....

    No polished binder..... no corrected grain...... no clunky lasts......no dodgy stitching...well cut...... clean styling.....

    Looks good. Thanks for setting the record straight.
     


  9. lee_44106

    lee_44106 Senior member

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    Church "Kenford 2" on the 108 last

    [​IMG][/IMG]

    No polished binder..... no corrected grain...... no clunky lasts......no dodgy stitching...well cut...... clean styling.....NO PAYLESS JOKES! [​IMG]

    [​IMG][/IMG]


    eh, the shape may be OK, but that broguing is just not right. It does not quite have the austere simplicity of a captoe, nor does it have the casual nonchalance of a long wingtip. It's an in-between mutant, lacking any distinct identity.
     


  10. GeorgePaul

    GeorgePaul Senior member

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    eh, the shape may be OK, but that broguing is just not right. ...
    What brogueing? I don't see any brogueing at all.
     


  11. TKDKid

    TKDKid Senior member

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    What brogueing? I don't see any brogueing at all.

    I think he means the oversized pinking/gimping along the edges of the leather.

    Compare with, say, the C&J Tavistock:

    [​IMG]
     


  12. DocHolliday

    DocHolliday Senior member Dubiously Honored

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    I think he means the oversized pinking/gimping along the edges of the leather.

    Compare with, say, the C&J Tavistock:

    [​IMG]


    This the how an austerity brogue should look, in my book. I don't know that I've seen a nicer version.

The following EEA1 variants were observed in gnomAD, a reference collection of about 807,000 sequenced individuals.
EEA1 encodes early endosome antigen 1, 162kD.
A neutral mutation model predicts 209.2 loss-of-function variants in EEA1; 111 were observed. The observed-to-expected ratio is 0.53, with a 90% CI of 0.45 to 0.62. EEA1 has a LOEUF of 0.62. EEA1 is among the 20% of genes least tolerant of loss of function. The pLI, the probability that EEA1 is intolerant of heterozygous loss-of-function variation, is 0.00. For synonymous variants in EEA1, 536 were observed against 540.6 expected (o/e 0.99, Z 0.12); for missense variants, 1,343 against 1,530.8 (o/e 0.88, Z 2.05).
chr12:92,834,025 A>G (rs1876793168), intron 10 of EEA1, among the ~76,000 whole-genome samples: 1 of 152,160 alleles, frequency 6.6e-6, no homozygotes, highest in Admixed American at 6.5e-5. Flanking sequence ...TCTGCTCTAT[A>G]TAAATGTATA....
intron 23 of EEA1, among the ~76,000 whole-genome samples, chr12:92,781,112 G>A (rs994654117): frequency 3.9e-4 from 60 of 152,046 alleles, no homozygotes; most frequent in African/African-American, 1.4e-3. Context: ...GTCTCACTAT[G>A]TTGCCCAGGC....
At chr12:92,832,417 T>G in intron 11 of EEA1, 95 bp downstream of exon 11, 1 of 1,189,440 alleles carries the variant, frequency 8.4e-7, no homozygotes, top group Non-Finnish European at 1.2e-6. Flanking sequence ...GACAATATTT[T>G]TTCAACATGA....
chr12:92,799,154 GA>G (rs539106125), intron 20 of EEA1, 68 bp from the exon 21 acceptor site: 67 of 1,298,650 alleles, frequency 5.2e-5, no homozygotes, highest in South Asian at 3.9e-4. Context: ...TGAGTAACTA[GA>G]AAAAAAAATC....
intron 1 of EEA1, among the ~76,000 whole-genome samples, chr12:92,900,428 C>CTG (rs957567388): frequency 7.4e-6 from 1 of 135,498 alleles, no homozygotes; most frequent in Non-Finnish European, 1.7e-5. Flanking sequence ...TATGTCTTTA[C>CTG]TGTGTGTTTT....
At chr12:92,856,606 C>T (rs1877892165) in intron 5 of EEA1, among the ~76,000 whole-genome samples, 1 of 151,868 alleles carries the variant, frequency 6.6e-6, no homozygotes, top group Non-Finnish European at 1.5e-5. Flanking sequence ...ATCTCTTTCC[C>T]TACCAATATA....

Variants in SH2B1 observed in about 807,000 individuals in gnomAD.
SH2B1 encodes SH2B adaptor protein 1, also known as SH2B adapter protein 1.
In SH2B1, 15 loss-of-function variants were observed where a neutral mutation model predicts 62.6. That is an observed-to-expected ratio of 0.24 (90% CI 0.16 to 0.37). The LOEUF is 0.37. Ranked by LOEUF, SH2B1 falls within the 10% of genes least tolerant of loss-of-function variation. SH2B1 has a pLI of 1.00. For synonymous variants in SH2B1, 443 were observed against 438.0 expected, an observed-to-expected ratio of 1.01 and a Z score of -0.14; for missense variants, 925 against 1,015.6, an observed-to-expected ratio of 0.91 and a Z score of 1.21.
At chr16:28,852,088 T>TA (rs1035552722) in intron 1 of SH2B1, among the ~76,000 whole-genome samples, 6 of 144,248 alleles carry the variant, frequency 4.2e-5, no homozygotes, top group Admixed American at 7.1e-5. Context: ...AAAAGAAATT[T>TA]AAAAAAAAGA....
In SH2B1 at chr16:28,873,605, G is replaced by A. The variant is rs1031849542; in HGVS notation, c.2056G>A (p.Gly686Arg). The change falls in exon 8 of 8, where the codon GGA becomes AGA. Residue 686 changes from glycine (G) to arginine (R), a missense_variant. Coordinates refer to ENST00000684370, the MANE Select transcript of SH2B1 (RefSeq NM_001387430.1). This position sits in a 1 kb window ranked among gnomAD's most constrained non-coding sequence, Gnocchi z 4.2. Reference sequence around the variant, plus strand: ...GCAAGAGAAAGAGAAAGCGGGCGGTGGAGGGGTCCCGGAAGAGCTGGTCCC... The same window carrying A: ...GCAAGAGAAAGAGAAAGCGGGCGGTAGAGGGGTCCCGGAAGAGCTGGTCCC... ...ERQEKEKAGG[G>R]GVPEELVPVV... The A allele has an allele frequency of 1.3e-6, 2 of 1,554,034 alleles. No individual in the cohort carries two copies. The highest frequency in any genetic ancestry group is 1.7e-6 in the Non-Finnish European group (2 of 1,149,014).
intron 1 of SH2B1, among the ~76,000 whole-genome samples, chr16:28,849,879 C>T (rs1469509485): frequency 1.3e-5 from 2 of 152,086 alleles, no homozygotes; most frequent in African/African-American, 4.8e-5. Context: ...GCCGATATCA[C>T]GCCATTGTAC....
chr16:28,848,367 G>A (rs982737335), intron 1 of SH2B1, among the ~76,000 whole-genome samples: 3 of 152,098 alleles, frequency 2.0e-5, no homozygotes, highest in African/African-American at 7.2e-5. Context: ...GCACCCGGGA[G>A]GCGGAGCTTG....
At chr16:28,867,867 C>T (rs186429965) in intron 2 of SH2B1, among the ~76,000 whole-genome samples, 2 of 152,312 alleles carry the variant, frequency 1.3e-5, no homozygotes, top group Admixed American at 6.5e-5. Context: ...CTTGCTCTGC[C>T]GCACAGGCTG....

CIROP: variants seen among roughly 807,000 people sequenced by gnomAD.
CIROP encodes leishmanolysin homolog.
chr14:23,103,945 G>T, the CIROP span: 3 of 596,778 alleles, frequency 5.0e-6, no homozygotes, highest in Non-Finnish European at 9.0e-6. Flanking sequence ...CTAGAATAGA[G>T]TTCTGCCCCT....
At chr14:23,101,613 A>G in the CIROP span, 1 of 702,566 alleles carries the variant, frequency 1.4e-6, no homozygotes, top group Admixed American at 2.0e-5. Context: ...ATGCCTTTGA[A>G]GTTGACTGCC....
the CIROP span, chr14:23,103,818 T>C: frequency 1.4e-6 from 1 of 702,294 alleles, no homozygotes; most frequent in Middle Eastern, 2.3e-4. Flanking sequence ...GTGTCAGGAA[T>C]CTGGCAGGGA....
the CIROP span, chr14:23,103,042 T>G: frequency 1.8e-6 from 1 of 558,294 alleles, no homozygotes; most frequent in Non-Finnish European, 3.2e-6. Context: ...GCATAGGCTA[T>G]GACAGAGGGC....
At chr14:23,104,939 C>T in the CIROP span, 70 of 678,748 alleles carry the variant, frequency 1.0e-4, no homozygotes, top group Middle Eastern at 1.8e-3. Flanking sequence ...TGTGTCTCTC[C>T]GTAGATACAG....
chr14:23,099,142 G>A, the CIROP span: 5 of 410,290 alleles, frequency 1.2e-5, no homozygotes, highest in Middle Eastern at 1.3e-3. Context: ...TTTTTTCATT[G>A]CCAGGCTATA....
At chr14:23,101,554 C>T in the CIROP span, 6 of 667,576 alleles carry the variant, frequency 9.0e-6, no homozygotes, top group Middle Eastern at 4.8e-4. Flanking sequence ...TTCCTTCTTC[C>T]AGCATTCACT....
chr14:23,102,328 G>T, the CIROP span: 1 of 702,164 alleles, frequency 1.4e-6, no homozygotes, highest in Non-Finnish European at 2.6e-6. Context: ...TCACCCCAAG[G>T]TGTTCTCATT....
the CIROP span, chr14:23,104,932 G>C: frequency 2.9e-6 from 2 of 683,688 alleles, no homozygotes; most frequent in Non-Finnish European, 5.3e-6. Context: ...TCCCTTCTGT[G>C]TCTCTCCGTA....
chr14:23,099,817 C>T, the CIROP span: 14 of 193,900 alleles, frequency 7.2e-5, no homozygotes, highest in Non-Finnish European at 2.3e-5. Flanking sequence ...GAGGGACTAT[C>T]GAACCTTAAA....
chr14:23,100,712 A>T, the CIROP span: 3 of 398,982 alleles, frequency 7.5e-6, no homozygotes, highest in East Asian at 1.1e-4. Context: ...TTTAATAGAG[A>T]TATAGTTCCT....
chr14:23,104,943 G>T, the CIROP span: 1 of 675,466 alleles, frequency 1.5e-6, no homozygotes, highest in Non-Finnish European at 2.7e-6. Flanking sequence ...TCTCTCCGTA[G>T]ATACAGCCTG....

13. Salsalocust

    Salsalocust Senior member

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    eh, the shape may be OK, but that broguing is just not right. It does not quite have the austere simplicity of a captoe, nor does it have the casual nonchalance of a long wingtip. It's an in-between mutant, lacking any distinct identity.

    'An in-between mutant lacking any distinct identity' seems unnecessarily pejorative.

    I'm sure it wasn't made to deride [​IMG] since, if consistently applied, you are condemning the styling similarities of the C & J Tavistock or the EG Beaulieu .... and that would never do [​IMG]

    Now in terms of quality... the Beaulieu and the Tavistock are out of sight. That is not the point of argument here.


    Regards,

    Graham
     


  14. Vashin

    Vashin Senior member

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    Hi,

    I don't know much (read anything) about shoes and was wondering if anyone could give me more info on these shoes...

    [​IMG]
    [​IMG]
    [​IMG]
    [​IMG]

    I picked these up for $10 at a local thrift store. If anyone could give me more info and general care tips it would be much appreciated.
     


  15. well-kept

    well-kept Senior member

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    If they fit you, you did well for ten dollars. Those are older Church's, quite well made, and they seem to still have their original heels.

    To care for them it is important to get shoe trees of the correct size and insert them when the shoes aren't being worn. Polish them with Meltonian cream. Every few times, follow the cream polish with an application of wax polish such as Kiwi. Don't wear them more than one day in a row. Allow them a day to rest. They should serve you well for a long time.